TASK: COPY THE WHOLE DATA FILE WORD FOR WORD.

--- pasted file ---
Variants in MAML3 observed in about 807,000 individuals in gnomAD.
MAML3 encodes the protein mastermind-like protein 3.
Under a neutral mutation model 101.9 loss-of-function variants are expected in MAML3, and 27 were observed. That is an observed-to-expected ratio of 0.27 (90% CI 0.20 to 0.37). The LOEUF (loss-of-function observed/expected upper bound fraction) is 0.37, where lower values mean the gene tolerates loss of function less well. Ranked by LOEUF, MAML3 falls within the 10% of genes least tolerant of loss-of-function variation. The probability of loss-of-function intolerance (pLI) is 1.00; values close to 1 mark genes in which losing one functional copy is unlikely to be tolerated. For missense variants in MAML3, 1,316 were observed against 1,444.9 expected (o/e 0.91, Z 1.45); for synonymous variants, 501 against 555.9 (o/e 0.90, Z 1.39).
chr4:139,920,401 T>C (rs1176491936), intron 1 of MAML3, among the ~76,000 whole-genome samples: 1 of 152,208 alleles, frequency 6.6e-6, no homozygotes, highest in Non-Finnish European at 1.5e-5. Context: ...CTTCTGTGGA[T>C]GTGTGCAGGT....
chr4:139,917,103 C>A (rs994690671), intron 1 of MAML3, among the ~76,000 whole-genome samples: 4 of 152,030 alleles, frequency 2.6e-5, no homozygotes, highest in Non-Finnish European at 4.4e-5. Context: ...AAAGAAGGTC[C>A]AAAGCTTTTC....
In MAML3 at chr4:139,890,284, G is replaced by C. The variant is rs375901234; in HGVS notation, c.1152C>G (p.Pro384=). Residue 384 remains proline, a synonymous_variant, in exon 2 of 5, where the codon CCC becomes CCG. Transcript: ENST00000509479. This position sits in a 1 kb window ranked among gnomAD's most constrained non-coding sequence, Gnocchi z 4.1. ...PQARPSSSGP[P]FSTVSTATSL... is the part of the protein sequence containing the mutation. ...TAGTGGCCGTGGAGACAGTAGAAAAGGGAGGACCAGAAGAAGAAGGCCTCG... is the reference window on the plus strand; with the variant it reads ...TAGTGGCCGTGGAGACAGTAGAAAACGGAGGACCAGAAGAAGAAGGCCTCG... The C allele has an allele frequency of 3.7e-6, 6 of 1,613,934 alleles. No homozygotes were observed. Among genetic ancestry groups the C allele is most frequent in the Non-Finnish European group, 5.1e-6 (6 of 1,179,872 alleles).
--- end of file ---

Variants in MAML3 observed in about 807,000 individuals in gnomAD.
MAML3 encodes the protein mastermind-like protein 3.
Under a neutral mutation model 101.9 loss-of-function variants are expected in MAML3, and 27 were observed. That is an observed-to-expected ratio of 0.27 (90% CI 0.20 to 0.37). The LOEUF (loss-of-function observed/expected upper bound fraction) is 0.37, where lower values mean the gene tolerates loss of function less well. Ranked by LOEUF, MAML3 falls within the 10% of genes least tolerant of loss-of-function variation. The probability of loss-of-function intolerance (pLI) is 1.00; values close to 1 mark genes in which losing one functional copy is unlikely to be tolerated. For missense variants in MAML3, 1,316 were observed against 1,444.9 expected (o/e 0.91, Z 1.45); for synonymous variants, 501 against 555.9 (o/e 0.90, Z 1.39).
chr4:139,920,401 T>C (rs1176491936), intron 1 of MAML3, among the ~76,000 whole-genome samples: 1 of 152,208 alleles, frequency 6.6e-6, no homozygotes, highest in Non-Finnish European at 1.5e-5. Context: ...CTTCTGTGGA[T>C]GTGTGCAGGT....
chr4:139,917,103 C>A (rs994690671), intron 1 of MAML3, among the ~76,000 whole-genome samples: 4 of 152,030 alleles, frequency 2.6e-5, no homozygotes, highest in Non-Finnish European at 4.4e-5. Context: ...AAAGAAGGTC[C>A]AAAGCTTTTC....
In MAML3 at chr4:139,890,284, G is replaced by C. The variant is rs375901234; in HGVS notation, c.1152C>G (p.Pro384=). Residue 384 remains proline, a synonymous_variant, in exon 2 of 5, where the codon CCC becomes CCG. Transcript: ENST00000509479. This position sits in a 1 kb window ranked among gnomAD's most constrained non-coding sequence, Gnocchi z 4.1. ...PQARPSSSGP[P]FSTVSTATSL... is the part of the protein sequence containing the mutation. ...TAGTGGCCGTGGAGACAGTAGAAAAGGGAGGACCAGAAGAAGAAGGCCTCG... is the reference window on the plus strand; with the variant it reads ...TAGTGGCCGTGGAGACAGTAGAAAACGGAGGACCAGAAGAAGAAGGCCTCG... The C allele has an allele frequency of 3.7e-6, 6 of 1,613,934 alleles. No homozygotes were observed. Among genetic ancestry groups the C allele is most frequent in the Non-Finnish European group, 5.1e-6 (6 of 1,179,872 alleles).